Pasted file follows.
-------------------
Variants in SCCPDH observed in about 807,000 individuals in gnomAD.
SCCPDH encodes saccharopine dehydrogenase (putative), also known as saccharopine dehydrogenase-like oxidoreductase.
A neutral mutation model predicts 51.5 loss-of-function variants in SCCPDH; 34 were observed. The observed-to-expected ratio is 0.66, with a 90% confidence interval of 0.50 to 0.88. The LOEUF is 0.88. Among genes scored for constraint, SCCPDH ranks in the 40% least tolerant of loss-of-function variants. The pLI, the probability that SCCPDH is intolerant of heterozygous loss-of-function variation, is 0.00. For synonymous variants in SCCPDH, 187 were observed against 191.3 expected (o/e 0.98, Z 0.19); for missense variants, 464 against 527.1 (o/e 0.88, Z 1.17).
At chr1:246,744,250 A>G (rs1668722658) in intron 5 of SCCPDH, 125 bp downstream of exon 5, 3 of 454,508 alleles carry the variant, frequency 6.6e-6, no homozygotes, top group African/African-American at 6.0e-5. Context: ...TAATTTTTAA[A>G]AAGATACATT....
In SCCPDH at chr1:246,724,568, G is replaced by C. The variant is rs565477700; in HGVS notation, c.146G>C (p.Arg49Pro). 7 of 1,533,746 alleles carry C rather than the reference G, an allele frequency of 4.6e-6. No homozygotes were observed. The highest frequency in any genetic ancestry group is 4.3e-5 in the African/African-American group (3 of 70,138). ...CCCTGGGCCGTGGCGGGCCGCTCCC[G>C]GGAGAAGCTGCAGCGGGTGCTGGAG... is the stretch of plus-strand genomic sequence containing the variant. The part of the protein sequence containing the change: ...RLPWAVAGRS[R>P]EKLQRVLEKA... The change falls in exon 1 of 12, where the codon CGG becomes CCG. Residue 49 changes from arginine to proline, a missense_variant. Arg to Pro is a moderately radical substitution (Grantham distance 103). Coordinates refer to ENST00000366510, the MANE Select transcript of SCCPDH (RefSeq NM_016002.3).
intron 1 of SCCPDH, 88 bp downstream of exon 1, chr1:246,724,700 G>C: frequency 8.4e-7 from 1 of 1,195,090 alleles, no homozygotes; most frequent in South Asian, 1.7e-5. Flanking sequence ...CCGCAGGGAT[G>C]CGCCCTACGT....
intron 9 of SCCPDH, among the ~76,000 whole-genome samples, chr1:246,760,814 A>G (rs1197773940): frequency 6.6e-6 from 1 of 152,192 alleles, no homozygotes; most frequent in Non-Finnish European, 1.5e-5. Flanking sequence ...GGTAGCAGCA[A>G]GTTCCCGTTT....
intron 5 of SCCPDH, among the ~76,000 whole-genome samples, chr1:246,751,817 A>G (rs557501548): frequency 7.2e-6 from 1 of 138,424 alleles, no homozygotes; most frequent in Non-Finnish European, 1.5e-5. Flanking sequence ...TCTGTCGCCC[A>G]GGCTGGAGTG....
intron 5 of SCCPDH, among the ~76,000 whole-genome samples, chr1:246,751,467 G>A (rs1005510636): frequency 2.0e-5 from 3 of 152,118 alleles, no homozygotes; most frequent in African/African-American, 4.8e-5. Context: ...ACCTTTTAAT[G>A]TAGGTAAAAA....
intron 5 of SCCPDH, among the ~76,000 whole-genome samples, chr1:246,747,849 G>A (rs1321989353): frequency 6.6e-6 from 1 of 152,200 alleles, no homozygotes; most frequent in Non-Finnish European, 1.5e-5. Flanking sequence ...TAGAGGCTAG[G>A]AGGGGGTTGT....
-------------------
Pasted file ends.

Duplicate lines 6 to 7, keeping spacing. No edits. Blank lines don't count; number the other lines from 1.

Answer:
intron 1 of SCCPDH, 88 bp downstream of exon 1, chr1:246,724,700 G>C: frequency 8.4e-7 from 1 of 1,195,090 alleles, no homozygotes; most frequent in South Asian, 1.7e-5. Flanking sequence ...CCGCAGGGAT[G>C]CGCCCTACGT....
intron 9 of SCCPDH, among the ~76,000 whole-genome samples, chr1:246,760,814 A>G (rs1197773940): frequency 6.6e-6 from 1 of 152,192 alleles, no homozygotes; most frequent in Non-Finnish European, 1.5e-5. Flanking sequence ...GGTAGCAGCA[A>G]GTTCCCGTTT....